Chinese red bean paste steamed bao (豆沙包)

red bean bao

I’ve already declared my love of Asian pastries multiple times. There is nothing in the world like walking into an Asian pastry store and smelling the wonderful aromas of fresh baos and other baked goods. I wish we had a pastry store around us, but alas, I am a good 2 hours away from the nearest one. I was craving some bao recently and did the next best thing – I made my own.

I was a bit skeptical about making these since it takes quite a skillful hand (not to mention a lot of patience) to make such beautiful pastries. I tried making a simple red bean bao with my first attempt and figured that I could just build my skills from there.

Lo and behold, these baos turned out really well. The exterior was perfectly fluffy and light like a bao should be, and the interior was filled with my favorite filling – red bean paste. Addie ate pretty much the entire batch of these bao and wanted to make another trip to the Chinese store so I could make her some more. The “skin” of these bao seems like it would be perfect for some savory bao as well – like a pork and cabbage filled one or ones with Chinese chives and shrimp.

I’m super excited about these bao and will try making a few other varieties this year. As you can see from my photo above, the skin on my bao was a bit too thin in some places. Be careful not to roll the dough out too thin or else it will break and cause your filling to leak out. And I hope you enjoy these bao as much as my family did.

Chinese red bean paste steamed bao (豆沙包)

A light and fluffy Chinese red bean paste steamed bao (豆沙包)
Prep Time30 minutes
Cook Time15 minutes
Rise time1 hour
Total Time45 minutes
Course: Appetizer
Cuisine: Asian, Chinese
Keyword: Appetizer, Asian
Servings: 12
Author: Eva Bakes


  • 1 and 1/2 teaspoons active dry yeast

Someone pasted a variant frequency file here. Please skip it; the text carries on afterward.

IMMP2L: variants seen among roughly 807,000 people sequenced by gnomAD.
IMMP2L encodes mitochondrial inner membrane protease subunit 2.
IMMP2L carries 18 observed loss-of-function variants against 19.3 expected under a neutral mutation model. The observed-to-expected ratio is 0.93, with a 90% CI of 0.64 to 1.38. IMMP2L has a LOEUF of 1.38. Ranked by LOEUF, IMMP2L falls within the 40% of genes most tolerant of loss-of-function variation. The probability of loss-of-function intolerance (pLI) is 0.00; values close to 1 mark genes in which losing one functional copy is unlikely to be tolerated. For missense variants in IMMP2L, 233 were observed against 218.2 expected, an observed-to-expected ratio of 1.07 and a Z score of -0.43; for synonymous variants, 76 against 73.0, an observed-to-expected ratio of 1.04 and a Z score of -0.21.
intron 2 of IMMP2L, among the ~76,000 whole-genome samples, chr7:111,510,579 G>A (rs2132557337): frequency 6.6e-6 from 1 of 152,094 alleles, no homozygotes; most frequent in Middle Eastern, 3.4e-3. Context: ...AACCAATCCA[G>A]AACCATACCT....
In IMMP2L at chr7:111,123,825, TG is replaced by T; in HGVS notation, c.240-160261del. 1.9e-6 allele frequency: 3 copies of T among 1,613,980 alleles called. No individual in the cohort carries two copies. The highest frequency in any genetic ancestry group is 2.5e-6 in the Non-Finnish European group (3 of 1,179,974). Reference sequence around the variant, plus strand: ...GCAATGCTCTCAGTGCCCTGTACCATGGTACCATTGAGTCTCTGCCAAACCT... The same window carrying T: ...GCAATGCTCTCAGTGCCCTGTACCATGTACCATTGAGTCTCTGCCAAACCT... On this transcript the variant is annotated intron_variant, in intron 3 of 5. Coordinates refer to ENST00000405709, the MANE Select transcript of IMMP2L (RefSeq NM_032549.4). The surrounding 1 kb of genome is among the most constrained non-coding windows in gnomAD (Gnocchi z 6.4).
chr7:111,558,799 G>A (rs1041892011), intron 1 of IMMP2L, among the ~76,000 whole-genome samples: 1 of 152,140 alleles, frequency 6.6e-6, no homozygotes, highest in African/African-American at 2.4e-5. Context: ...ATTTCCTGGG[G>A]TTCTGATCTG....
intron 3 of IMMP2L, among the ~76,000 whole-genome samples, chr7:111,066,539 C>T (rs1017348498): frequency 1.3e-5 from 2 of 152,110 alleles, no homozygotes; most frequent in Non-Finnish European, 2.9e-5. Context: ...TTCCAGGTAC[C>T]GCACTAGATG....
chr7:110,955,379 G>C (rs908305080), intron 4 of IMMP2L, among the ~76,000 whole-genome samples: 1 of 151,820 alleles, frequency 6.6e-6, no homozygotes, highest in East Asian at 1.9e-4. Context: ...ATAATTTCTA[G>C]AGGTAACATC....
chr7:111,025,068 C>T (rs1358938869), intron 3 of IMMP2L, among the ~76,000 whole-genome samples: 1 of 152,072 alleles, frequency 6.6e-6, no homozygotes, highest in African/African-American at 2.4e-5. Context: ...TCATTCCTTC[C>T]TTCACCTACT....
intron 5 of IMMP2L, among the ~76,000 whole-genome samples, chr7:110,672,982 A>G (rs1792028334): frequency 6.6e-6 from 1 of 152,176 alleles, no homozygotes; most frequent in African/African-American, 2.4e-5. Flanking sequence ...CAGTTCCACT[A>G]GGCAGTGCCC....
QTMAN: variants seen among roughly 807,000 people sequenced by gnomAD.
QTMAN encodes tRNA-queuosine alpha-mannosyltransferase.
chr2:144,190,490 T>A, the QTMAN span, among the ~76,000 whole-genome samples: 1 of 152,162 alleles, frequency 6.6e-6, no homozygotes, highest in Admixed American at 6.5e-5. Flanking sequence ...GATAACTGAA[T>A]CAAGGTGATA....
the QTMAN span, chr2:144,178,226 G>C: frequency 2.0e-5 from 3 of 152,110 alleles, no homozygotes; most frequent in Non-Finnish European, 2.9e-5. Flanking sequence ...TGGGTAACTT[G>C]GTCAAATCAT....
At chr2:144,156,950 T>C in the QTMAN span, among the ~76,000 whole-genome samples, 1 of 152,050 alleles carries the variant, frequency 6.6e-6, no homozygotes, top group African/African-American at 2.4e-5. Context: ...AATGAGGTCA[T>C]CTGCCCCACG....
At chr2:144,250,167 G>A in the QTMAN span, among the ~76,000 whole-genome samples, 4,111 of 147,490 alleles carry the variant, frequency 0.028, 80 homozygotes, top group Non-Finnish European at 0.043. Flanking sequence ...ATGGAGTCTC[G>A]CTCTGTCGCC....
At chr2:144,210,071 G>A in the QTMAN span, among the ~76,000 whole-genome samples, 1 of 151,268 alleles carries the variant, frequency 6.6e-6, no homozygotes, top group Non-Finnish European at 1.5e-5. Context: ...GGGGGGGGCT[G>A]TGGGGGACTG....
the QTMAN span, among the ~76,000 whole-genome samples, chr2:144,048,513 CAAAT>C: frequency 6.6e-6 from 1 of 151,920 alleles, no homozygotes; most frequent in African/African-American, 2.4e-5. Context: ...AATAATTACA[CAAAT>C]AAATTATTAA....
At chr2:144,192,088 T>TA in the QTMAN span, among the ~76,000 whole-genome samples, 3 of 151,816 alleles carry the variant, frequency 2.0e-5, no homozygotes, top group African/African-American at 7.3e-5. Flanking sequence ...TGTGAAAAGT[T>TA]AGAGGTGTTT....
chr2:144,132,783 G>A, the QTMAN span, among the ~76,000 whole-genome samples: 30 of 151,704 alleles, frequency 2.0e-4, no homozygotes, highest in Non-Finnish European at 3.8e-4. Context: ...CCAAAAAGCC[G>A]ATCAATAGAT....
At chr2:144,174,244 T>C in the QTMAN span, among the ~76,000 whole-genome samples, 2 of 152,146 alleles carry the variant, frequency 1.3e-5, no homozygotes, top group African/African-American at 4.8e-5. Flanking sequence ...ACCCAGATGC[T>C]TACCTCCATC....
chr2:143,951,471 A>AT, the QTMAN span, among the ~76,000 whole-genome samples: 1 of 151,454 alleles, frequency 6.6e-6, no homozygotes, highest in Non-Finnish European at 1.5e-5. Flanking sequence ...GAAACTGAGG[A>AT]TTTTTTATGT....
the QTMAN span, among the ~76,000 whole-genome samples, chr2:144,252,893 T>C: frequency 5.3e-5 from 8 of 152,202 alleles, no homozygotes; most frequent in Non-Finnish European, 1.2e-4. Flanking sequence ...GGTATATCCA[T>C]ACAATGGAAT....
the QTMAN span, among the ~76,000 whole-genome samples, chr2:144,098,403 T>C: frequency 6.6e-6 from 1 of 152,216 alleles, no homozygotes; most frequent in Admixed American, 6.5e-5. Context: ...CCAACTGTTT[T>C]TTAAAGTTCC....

• 1/2 cup warm water divided
  • 1/4 cup granulated sugar divided
  • 1 cup all-purpose flour if you have bao/ pao flour, use that instead; you can find it in your local Asian grocery store, divided
  • 1/2 cup self-rising flour*
  • 2 TBSP unsalted butter melted
  • 1/2 can of sweetened red bean paste

* I did not have any self-rising flour so this is the substitution I used: 1/2 cup all-purpose flour, 2/3 teaspoon baking powder, 1/4 teaspoon salt


    • In a small bowl or measuring cup, mix together the yeast, 2 TBSP of the warm water, 1 teaspoon of sugar and 1 teaspoon of the all-purpose flour. Mix well until no lumps remain. Allow the mixture to sit for up to 15 minutes or until frothy.
    • In the bowl of a stand mixer fitted with the dough hook attachment (or in a large bowl if mixing by hand), whisk together the remaining all-purpose flour and self-rising flour (or the substitution if using). Add in the remaining warm water, sugar, the yeast mixture, and the melted butter. Mix on low to medium speed until the dough is smooth and elastic. If mixing by hand, knead the dough for about 10 minutes until the dough is soft and smooth.
    • Transfer the dough to a large oiled bowl. Cover with a damp cloth and allow it to rise in a warm spot for about 1 hour or until doubled.
    • Once the dough has doubled, punch it down and transfer it to a floured work surface. Knead the dough gently for about 2 minutes. Roll it out into a log and evenly divide it into 12 portions.
    • Roll 1 portion of the dough out into a ball and flatten it with the palm of your hand. Stretch the dough out with your fingers to form a circle, but make sure that the dough doesn't stretch out too thin or else your bao will break once steamed. Scoop about 1-2 TBSP of the red bean paste into the center of the dough. Gather the sides up into the middle and pinch to seal. Repeat with the 11 remaining dough pieces.
    • Cut out 12 pieces of wax paper squares (about 2x2 inches) and place them in your steamer. Place one bao on top of each piece of wax paper. Space them generously because the bao will expand after they have been steamed.
    • Steam the bao on high heat for at least 15 minutes. Serve warm.


    If the bao isn't going to be eaten immediately, they can be stored in the refrigerator (or even the freezer) and re-steamed or microwaved.
    Source: Smoky Wok

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